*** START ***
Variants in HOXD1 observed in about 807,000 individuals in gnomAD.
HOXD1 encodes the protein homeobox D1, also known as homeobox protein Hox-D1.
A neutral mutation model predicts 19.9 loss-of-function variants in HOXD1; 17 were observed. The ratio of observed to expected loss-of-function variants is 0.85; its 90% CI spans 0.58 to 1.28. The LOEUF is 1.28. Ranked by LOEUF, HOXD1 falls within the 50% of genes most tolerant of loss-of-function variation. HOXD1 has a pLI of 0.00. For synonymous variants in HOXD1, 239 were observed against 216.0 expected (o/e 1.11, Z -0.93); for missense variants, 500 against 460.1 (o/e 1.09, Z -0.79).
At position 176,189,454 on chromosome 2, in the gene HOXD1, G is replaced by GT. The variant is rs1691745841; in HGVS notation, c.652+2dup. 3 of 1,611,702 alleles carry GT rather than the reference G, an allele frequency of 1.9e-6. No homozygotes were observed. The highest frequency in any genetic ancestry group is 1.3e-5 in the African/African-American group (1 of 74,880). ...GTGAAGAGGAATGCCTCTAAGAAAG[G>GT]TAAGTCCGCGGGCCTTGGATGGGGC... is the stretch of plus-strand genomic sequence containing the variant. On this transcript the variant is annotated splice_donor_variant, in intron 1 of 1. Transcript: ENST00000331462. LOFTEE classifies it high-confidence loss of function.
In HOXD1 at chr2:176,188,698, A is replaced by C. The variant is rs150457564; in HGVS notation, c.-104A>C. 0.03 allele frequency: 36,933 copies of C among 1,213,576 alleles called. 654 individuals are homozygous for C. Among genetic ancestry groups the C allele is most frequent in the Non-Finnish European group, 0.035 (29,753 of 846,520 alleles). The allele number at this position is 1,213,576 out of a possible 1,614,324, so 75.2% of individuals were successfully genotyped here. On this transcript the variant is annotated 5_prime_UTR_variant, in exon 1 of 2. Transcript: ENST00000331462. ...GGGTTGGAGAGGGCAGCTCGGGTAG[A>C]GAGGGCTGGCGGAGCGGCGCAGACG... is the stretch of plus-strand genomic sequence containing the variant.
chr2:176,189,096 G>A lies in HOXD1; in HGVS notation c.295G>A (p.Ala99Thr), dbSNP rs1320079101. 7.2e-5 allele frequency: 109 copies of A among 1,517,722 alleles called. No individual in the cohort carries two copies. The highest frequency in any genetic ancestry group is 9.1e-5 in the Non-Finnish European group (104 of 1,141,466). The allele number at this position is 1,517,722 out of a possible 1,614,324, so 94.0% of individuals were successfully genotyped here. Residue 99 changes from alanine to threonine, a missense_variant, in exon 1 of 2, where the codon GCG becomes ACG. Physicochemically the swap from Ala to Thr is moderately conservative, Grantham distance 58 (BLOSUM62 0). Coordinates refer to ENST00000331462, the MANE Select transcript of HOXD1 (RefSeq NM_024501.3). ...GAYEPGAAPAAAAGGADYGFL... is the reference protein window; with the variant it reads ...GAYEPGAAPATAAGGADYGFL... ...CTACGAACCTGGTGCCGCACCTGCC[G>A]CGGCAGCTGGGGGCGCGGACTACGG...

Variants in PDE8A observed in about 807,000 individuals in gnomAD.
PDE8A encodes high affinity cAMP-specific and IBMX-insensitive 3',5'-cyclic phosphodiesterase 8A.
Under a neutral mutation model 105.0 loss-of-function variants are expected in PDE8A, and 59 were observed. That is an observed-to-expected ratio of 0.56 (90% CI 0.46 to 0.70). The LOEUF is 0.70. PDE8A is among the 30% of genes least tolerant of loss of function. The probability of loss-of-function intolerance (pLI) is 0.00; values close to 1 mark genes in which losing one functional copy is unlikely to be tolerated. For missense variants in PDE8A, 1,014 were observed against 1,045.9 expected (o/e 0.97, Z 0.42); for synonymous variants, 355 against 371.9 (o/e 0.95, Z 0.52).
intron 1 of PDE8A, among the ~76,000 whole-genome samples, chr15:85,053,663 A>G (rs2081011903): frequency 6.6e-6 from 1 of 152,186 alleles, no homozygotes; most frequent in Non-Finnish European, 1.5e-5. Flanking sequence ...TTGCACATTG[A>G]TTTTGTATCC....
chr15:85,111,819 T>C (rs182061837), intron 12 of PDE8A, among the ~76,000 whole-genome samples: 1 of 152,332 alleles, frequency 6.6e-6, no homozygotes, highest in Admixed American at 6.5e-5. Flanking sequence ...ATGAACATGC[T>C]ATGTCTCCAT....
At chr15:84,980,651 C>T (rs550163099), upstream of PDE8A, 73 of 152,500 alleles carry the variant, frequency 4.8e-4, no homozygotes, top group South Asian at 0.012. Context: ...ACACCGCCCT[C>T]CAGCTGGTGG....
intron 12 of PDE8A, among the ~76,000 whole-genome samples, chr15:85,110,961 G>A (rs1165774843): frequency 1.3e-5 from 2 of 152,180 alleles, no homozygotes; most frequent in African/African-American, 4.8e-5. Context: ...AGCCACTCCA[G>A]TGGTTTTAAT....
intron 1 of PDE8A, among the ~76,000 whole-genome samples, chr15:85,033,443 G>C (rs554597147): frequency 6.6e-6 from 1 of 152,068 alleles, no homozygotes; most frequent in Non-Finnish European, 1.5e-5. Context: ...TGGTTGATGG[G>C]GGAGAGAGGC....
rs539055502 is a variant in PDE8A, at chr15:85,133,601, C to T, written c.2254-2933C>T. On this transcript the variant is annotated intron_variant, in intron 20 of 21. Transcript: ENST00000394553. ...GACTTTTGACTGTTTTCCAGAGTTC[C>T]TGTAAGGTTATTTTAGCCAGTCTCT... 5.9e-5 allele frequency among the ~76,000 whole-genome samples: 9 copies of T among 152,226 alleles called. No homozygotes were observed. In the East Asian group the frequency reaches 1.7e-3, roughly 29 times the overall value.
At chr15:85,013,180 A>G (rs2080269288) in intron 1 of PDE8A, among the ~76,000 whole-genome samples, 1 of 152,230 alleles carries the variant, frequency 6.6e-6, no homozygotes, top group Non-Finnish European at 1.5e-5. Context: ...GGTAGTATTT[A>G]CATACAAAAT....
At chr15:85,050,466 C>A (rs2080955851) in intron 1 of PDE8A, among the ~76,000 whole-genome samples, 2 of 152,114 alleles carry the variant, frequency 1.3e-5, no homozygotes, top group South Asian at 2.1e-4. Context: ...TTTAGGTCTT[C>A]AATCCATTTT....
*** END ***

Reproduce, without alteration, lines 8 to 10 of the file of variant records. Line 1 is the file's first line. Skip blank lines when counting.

PDE8A encodes high affinity cAMP-specific and IBMX-insensitive 3',5'-cyclic phosphodiesterase 8A.
Under a neutral mutation model 105.0 loss-of-function variants are expected in PDE8A, and 59 were observed. That is an observed-to-expected ratio of 0.56 (90% CI 0.46 to 0.70). The LOEUF is 0.70. PDE8A is among the 30% of genes least tolerant of loss of function. The probability of loss-of-function intolerance (pLI) is 0.00; values close to 1 mark genes in which losing one functional copy is unlikely to be tolerated. For missense variants in PDE8A, 1,014 were observed against 1,045.9 expected (o/e 0.97, Z 0.42); for synonymous variants, 355 against 371.9 (o/e 0.95, Z 0.52).
intron 1 of PDE8A, among the ~76,000 whole-genome samples, chr15:85,053,663 A>G (rs2081011903): frequency 6.6e-6 from 1 of 152,186 alleles, no homozygotes; most frequent in Non-Finnish European, 1.5e-5. Flanking sequence ...TTGCACATTG[A>G]TTTTGTATCC....